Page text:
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International Journal of Ecology
Volume 2010, Article ID 859586, 10 pages
Research Article

Variations in Badger (Meles meles) Sett Microclimate: Differential Cub Survival between Main and Subsidiary Setts, with Implications for Artificial Sett Construction

1Wildlife Conservation Research Unit, Department of Zoology, Recanati-Kaplan Centre, University of Oxford, Tubney House, Abingdon Road, Tubney, Oxon OX13 5QL, UK
2Wildlife Conservation Laboratory, Division of Ecosciences, Tokyo University of Agriculture and Technology, Saiwaicho 3-5-8, Fuchu, Tokyo 183-8509, Japan

Received 10 March 2010; Revised 29 June 2010; Accepted 5 August 2010

Academic Editor: Cajo J. F. ter Braak

Copyright © 2010 Yayoi Kaneko et al. This is an open access article distributed under the Creative Commons Attribution License, which permits unrestricted use, distribution, and reproduction in any medium, provided the original work is properly cited.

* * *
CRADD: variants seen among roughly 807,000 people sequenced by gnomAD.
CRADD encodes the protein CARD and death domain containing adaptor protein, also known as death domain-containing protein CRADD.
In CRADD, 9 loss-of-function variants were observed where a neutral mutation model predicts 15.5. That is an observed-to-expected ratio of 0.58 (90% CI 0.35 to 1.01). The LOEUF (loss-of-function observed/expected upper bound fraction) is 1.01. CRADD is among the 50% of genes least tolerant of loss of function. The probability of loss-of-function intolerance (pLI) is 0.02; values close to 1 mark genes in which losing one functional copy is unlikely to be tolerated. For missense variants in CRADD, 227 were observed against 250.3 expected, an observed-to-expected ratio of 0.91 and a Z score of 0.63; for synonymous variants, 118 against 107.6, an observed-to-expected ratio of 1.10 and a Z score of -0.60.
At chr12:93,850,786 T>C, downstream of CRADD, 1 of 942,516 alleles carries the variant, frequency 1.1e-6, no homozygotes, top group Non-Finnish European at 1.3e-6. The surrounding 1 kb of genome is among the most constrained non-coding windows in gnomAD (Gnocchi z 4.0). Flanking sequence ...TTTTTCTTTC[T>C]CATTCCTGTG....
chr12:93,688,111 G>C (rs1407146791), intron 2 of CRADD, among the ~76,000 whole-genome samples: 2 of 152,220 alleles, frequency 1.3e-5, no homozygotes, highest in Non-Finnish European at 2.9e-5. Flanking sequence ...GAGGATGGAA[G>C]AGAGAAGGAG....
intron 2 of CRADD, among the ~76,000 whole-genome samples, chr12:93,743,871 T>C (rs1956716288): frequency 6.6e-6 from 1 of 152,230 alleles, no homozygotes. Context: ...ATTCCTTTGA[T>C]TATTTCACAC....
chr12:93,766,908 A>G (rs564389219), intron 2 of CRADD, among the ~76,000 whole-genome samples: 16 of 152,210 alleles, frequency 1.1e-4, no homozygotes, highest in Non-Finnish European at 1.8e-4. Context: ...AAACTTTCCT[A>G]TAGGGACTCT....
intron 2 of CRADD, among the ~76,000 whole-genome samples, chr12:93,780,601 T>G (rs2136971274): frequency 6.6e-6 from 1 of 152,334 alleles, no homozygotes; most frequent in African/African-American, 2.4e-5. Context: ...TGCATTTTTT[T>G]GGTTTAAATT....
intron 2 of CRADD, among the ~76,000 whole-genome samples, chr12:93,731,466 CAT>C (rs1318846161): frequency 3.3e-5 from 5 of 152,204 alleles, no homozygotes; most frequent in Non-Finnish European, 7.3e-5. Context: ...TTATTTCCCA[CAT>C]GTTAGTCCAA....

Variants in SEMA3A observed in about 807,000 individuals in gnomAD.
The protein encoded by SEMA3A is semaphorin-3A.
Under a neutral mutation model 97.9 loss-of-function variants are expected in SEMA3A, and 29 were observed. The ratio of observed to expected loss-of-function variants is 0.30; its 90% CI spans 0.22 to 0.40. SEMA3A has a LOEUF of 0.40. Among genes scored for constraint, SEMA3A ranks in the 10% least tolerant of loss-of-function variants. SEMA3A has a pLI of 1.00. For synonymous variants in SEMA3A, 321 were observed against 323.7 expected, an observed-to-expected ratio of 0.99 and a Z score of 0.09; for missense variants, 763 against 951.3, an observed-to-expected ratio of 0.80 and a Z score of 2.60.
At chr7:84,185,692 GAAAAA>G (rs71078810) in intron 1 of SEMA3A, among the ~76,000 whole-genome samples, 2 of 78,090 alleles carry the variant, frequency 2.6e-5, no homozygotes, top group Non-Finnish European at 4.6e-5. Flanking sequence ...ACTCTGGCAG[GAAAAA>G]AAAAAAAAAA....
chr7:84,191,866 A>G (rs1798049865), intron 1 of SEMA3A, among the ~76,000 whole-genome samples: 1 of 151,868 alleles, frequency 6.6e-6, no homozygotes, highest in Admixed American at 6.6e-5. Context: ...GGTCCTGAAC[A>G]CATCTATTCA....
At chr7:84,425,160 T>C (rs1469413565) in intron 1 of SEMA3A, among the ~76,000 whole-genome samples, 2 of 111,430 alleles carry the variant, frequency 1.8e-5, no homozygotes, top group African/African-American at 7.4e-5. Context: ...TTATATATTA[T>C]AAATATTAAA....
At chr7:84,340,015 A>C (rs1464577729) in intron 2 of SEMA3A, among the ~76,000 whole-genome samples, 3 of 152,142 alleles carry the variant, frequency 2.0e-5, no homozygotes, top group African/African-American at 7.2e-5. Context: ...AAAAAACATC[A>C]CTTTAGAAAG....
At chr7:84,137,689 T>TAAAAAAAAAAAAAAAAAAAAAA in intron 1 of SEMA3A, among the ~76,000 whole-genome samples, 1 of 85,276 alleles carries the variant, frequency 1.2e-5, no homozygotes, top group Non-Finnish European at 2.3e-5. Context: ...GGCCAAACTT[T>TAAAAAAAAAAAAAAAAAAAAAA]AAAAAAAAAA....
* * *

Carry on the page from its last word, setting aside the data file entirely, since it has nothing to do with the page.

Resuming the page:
Maintaining homeothermy is essential for mammals, but has considerable energetic costs. In this study, we monitored the internal conditions of setts within five European badger (Meles meles) social groups during the cub-rearing season, that is, February to July, in 2004. Sett temperature showed substantial and significant variation over this period, while relative humidity remained stable throughout. Microclimate was least stable during the period for which cubs remain entirely below ground between February and April; however here the instrumented main sett demonstrated a much warmer and more stable temperature regime than did nearby subsidiary outliers. We thus postulate that the energy budget of reproducing females could be affected by even small temperature fluctuations, militating for optimal sett choice. For comparison we also report microclimatic data from two artificial setts and found them to be markedly inferior in terms of thermal insulative properties, suggesting that man-made setts may need more careful consideration in both thermal and spatial setts network in each territory to adequately compensate the loss (e.g., destruction due to development) of a natural sett, especially as a breeding den.